Today’s blog is written by Kelly, the friendly and efficient team member who will be the first to greet you by phone (or in person) at Desert Ridge Smiles. Thank you for sharing your story.
As the summer days end and fall begins, many people are preparing for nice weather and the holiday season, however, I am preparing for the Phoenix AIDS walk. I participate in the AIDS walk every year with my family and friends to support the many people that have suffered with HIV/AIDS. I am the captain of Team Brad and Dena, commemorating my parents. This disease has impacted my life profoundly, as both my parents were infected with AIDS in the late 1980’s from blood transfusions. My mother passed a year after her diagnosis from pneumonia and a weakened immune system. My father passed a year later. In the 80’s, not much was known about this disease, but after many years, advances in medicine have been made in treating HIV/AIDS.
I have worked in the dental field for seven years. I see the effects that oral health, or lack thereof, can have on a person’s body. There could be many reasons why patients are not keeping up with their dental visits, but it is very important for the HIV/AIDS patient to be active in their dental care.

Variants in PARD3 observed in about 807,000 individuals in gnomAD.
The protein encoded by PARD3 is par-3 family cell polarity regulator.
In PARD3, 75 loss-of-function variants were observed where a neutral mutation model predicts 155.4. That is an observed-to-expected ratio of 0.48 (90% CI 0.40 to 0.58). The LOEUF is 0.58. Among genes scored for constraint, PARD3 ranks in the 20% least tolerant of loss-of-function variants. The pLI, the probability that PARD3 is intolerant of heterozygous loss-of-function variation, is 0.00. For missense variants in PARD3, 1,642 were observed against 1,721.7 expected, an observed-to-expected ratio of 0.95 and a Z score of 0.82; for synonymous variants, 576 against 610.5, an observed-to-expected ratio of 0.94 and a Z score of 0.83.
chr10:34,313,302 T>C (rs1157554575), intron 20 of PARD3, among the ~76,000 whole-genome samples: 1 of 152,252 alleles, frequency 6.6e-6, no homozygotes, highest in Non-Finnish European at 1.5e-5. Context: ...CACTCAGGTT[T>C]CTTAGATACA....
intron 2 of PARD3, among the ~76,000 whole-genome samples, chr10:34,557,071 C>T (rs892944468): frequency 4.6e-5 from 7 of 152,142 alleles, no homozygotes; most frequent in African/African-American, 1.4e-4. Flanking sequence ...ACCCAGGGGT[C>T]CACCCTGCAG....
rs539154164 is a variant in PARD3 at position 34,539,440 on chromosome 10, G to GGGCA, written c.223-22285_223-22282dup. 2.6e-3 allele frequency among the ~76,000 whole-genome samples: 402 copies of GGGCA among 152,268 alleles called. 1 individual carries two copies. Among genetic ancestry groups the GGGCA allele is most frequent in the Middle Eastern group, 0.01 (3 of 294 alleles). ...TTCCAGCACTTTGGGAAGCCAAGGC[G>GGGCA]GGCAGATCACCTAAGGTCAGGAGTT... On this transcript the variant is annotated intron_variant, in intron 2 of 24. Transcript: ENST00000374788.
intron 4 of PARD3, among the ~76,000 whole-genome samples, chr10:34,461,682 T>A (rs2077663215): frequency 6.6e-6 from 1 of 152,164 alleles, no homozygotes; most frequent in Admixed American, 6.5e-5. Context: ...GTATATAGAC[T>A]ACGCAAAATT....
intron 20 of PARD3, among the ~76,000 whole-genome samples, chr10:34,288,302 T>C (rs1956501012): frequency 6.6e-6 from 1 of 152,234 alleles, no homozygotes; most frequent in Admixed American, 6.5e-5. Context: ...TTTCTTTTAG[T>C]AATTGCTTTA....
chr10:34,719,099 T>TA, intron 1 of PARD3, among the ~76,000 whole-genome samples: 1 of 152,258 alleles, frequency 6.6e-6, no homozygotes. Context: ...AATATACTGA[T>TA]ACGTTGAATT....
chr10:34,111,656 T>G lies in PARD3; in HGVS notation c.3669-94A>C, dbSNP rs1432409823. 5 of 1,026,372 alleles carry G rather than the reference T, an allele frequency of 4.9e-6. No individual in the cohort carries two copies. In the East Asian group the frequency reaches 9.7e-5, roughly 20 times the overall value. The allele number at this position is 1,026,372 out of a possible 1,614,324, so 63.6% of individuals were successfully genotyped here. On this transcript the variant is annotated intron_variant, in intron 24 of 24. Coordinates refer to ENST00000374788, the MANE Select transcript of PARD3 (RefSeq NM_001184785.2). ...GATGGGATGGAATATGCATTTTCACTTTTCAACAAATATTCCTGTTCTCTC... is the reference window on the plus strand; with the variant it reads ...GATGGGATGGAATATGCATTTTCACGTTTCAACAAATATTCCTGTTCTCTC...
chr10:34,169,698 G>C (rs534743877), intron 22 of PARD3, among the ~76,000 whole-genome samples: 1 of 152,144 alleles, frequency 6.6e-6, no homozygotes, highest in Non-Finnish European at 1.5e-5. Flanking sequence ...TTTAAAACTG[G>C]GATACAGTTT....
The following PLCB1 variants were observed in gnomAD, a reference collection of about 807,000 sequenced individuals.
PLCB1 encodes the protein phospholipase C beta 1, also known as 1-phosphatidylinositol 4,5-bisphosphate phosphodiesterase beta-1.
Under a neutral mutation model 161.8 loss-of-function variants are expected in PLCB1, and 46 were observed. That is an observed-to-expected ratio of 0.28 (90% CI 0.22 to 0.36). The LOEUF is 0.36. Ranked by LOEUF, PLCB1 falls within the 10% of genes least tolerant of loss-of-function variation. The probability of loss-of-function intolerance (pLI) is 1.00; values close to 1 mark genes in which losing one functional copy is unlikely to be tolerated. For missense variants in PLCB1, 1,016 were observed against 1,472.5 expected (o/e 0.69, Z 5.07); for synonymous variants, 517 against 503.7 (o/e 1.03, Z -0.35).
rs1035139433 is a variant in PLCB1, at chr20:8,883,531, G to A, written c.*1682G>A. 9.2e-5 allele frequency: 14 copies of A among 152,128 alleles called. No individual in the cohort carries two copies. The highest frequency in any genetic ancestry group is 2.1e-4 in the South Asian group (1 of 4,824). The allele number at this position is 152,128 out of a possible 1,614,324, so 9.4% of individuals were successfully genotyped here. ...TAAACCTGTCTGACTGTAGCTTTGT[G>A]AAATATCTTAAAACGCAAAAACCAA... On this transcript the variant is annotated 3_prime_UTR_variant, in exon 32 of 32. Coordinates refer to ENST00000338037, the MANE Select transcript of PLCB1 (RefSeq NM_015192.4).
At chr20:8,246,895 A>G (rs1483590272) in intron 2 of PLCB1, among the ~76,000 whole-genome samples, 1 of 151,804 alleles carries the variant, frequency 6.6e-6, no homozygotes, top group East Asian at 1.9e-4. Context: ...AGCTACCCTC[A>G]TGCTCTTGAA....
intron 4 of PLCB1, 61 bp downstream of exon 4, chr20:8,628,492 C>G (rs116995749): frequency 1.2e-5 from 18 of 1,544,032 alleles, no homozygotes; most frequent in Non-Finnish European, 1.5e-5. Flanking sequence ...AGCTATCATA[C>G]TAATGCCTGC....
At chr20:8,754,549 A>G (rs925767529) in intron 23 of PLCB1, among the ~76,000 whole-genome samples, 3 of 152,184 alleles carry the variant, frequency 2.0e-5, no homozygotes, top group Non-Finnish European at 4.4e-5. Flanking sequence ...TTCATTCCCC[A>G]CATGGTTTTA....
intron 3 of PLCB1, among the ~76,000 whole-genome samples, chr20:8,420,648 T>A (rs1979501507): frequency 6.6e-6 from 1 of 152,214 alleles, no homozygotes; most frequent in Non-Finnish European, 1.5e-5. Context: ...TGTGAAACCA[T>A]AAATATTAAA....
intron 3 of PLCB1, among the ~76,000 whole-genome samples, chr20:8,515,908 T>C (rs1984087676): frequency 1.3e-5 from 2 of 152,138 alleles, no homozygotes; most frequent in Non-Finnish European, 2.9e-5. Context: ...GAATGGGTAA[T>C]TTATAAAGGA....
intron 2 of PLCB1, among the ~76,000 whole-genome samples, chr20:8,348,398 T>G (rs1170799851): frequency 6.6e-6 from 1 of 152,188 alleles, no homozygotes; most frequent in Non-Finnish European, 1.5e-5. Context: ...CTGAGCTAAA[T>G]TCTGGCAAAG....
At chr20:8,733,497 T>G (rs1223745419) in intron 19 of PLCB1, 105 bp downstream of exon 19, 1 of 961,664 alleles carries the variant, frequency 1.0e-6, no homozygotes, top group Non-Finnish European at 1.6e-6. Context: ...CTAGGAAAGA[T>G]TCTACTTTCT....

For the HIV/AIDS patient, regular dental care will help to maintain the health of their mouth, which can help their entire body. If a patient is in pain from dental problems, it could interfere with eating and obtaining proper nutrition, both of which are vital for patients with this disease.
The oral cavity is full of bacteria that can lead to bacterial or viral infections in an immunocompromised individual. Gum disease and decay can cause serious illnesses, so it is important for HIV/AIDS patients to keep up with their routine dental visits.
As I participate in the AIDS walk each year, I observe the people that walk. Many of them may be battling HIV/AIDS and others are walking for people they know or have lost from this disease. I have watched others go through the same battle as my parents, and though they are living longer now, there still is no cure.
I am currently setting up my team. This year my family will be making team shirts, with the picture of my parents, Brad and Dena on them. We hope to encourage people to spread the word about the disease, build a bigger and stronger team than before, and ultimately help to find a cure for HIV/AIDS.
The Phoenix AIDS walk is always entertaining. You will see people of all ages, with some dressed in costume! Many people bring furry friends to support Paws for the Cause. Throughout the walk there are bands and disc jockeys. You may even catch sight of a storm trooper or Sparky, the mascot from ASU.
We will walk the AIDS walk and donate until there is a cure. I hope that bringing routine dental care into the minds of patients afflicted with disease will help them to live strong lives. The Phoenix AIDS walk is October 26th, 2014 in downtown Phoenix. If you would like to join the walk, please go to https://www.aidswalkaz.org